If the bill passes, new tax rates and countless other provisions would go into effect on Jan. 1. Most of the old rules though would still apply in the last two weeks of 2017—and that gives individuals a shrinking window of time to employ strategies that would lower their taxes for next year’s tax season. (While the legislation would take effect in the new year, it won’t be reflected in your tax forms until the 2019 tax season).

So, here are suggestions from accountants, financial planners, and other tax experts on how to make the most of this opportunity. Keep in mind that the best advice depends specifically on how you’re going to be affected by the tax bill. While most Americans would get a tax cut in the short term, some taxpayers could see higher tax bills in 2018. “No individual is average,” Suzanne Shier, a tax strategist at Northern Trust Corp., reminds us. “An average is a composite of multiple individuals.”

If your taxes are set to spike in 2018, many of these strategies won’t work as well. But if you’re part of the majority who will see an initial tax benefit from the law, there could be big benefits for acting soon.

1. Give to Charity

A typical piece of end-of-the-year advice is to increase your potential deductions before Jan. 1. Deductions claimed for things you did this year will lower tax bills due the following April. Wait until January, and you’ll need to cool your heels for more than a year to get the benefit of deductions claimed.

This year, beefing up your charitable giving could be even more effective. If your tax rate is falling in 2018, your deductions are more valuable if claimed against this year’s income. Giving to charity, a tax deduction that’s preserved under the tax bill, is an effective way to boost your 2017 deductions on short notice.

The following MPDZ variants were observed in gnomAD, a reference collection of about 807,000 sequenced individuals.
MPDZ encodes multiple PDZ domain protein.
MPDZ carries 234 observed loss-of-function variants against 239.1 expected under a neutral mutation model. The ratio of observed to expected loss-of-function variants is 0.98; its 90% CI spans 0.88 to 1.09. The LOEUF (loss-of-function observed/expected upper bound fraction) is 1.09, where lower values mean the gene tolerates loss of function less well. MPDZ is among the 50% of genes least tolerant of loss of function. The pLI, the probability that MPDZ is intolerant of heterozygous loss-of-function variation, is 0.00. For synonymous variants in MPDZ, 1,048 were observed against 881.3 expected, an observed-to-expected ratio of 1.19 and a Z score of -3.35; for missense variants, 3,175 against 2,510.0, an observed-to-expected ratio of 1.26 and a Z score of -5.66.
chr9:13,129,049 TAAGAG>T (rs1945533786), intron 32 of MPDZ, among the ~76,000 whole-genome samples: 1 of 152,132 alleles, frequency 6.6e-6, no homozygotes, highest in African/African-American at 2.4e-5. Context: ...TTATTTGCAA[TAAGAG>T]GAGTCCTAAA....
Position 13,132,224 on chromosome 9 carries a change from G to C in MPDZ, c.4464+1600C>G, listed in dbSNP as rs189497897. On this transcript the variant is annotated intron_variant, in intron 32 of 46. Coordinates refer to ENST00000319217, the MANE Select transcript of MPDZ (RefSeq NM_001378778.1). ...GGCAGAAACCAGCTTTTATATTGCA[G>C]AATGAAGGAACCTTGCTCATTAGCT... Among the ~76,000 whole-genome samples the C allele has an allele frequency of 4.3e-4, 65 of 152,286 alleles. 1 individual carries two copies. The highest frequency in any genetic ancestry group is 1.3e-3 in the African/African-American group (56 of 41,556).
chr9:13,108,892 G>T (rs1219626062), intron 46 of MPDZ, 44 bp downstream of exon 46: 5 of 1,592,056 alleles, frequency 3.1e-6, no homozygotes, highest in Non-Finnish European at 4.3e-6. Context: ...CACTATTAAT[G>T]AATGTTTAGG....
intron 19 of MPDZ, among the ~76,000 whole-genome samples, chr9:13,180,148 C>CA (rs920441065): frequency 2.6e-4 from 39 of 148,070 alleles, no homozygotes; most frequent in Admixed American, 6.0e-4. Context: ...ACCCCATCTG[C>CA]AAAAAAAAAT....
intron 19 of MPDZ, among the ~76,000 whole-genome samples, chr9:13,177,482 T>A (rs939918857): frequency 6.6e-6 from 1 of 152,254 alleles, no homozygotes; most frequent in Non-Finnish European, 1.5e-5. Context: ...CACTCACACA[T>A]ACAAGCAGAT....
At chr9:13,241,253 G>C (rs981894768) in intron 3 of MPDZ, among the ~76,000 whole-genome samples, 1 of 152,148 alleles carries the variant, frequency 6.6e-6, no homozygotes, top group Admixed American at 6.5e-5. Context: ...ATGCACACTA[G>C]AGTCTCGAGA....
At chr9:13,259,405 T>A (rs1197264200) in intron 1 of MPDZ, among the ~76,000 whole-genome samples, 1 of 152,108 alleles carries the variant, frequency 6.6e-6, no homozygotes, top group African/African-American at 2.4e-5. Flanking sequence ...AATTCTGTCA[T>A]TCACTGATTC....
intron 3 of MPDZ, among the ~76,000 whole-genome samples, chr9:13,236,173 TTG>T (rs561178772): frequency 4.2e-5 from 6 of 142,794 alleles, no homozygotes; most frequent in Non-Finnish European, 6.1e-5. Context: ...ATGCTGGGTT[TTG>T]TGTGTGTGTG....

And even if your tax rate is going up next year under the new bill, you may still want to make a bunch of charitable donations in 2017. Most deductions, including the charitable one, can only be claimed if you itemize your tax return. The bill would sharply limit the number of taxpayers who would benefit from itemizing: First it raises the standard deduction from $6,350 to $12,000 for single people, and $12,700 to $24,000 for married couples. Second, it limits other deductions—most famously for state and local taxes—so it’s harder for taxpayers to reach the threshold where itemizing makes sense.

So, you might want to think about making several years of charitable donations this month if you can afford it, said Philip “Rusty” Ross, a financial adviser at Exencial Wealth Advisors based in Oklahoma City. If you’re not sure where to donate, you can open a donor-advised fund and decide later where your money will go. But move fast—there are only two weeks left in December.

2. Defer Income